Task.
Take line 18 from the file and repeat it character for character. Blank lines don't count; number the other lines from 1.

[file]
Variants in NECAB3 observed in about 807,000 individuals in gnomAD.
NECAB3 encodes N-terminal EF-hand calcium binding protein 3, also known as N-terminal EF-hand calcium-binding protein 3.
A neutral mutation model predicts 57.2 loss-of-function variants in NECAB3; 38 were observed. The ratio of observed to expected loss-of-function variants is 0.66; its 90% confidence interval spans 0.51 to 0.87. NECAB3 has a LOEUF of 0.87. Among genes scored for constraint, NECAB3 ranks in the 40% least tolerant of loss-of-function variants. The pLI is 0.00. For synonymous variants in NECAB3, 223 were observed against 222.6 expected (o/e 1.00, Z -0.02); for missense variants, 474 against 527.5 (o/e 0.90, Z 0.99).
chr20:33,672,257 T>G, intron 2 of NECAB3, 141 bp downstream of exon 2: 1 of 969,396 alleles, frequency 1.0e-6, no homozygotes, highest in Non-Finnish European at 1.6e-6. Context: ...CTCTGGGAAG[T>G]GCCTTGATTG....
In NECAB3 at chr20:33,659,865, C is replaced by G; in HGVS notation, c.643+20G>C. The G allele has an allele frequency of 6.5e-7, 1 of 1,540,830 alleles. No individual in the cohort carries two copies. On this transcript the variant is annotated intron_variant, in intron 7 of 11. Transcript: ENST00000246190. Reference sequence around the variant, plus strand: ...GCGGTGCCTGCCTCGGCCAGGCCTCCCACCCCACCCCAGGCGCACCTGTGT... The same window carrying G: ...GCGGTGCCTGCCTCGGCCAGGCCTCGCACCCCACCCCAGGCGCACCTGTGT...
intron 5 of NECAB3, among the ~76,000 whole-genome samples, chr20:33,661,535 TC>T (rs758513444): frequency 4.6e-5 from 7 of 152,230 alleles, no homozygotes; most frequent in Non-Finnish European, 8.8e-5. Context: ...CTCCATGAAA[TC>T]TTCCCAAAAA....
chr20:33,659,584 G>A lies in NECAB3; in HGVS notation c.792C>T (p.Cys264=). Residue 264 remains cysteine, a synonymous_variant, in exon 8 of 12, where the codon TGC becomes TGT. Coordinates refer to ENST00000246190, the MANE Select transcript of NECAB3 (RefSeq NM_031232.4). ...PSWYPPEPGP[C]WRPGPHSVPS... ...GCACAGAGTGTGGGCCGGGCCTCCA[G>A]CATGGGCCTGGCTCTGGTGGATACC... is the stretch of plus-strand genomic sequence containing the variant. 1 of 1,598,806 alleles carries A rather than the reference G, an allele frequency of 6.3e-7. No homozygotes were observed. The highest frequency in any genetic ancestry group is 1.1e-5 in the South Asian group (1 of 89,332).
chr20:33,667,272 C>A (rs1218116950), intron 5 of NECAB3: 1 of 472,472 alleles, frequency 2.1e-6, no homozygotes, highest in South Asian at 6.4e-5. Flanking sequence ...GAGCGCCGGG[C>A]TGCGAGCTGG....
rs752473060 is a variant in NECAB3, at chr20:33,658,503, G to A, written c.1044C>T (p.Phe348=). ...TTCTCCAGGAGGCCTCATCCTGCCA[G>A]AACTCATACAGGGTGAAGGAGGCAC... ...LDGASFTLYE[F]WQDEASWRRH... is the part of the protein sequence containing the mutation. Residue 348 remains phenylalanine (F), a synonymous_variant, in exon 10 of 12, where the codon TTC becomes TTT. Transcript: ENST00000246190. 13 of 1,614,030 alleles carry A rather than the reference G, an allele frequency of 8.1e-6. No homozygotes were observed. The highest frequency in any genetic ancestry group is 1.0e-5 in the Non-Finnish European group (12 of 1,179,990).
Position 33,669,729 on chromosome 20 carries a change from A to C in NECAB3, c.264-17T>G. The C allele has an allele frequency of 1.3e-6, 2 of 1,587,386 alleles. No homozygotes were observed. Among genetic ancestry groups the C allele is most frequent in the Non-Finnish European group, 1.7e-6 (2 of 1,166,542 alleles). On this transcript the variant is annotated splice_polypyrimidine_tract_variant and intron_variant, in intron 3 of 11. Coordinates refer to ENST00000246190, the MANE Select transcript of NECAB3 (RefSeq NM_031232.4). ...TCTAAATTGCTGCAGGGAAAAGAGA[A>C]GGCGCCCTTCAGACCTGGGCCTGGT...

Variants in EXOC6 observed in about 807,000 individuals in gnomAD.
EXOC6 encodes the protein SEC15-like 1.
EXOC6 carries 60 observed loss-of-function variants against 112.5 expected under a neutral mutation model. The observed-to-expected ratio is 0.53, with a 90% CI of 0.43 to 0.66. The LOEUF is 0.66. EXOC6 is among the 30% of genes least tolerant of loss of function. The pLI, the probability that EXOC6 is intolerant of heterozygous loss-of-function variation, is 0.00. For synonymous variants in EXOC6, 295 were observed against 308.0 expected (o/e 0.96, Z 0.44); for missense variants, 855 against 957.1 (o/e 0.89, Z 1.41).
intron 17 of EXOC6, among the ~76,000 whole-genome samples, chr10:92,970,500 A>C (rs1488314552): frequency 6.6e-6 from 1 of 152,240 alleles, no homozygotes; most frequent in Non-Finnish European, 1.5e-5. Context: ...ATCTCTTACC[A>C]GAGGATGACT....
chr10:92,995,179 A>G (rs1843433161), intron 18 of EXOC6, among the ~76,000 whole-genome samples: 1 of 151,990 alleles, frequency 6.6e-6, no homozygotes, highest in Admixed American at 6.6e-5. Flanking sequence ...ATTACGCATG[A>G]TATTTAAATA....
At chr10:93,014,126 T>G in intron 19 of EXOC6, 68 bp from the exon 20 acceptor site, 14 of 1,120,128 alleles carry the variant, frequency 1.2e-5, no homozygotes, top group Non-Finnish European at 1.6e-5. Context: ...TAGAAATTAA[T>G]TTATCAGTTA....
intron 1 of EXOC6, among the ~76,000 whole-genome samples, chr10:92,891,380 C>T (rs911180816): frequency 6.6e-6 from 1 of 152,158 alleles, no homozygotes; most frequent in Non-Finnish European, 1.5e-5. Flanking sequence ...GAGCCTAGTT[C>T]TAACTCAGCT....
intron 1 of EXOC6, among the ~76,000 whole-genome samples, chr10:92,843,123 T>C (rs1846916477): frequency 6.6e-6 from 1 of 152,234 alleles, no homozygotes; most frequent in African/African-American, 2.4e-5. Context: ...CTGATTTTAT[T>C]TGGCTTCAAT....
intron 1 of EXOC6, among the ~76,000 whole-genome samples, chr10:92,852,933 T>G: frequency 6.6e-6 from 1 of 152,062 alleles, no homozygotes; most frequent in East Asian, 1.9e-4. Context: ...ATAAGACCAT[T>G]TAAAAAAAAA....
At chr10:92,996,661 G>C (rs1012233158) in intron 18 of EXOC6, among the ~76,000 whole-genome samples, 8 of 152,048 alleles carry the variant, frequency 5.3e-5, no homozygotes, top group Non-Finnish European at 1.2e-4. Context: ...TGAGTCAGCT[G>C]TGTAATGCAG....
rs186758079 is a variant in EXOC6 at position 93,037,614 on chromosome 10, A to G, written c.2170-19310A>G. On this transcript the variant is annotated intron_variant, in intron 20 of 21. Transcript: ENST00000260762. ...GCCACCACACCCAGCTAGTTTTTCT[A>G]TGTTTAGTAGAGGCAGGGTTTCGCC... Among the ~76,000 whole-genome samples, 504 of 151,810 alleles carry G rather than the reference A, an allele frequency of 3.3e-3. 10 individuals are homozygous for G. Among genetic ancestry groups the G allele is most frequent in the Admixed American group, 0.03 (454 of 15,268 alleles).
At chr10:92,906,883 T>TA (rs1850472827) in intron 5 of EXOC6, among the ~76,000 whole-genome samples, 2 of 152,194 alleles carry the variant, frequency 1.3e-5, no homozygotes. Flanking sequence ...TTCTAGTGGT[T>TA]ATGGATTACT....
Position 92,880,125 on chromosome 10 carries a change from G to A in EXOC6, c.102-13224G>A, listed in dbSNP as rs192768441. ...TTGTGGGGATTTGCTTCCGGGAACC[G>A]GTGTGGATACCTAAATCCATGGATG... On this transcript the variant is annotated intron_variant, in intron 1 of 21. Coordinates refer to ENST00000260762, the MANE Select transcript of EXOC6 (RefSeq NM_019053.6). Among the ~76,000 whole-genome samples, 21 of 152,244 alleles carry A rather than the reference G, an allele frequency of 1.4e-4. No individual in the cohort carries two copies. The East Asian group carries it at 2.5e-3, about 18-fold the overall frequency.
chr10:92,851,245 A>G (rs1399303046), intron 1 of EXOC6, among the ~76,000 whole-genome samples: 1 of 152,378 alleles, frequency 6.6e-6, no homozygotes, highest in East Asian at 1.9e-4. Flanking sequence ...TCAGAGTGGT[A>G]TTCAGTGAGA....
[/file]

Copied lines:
intron 1 of EXOC6, among the ~76,000 whole-genome samples, chr10:92,843,123 T>C (rs1846916477): frequency 6.6e-6 from 1 of 152,234 alleles, no homozygotes; most frequent in African/African-American, 2.4e-5. Context: ...CTGATTTTAT[T>C]TGGCTTCAAT....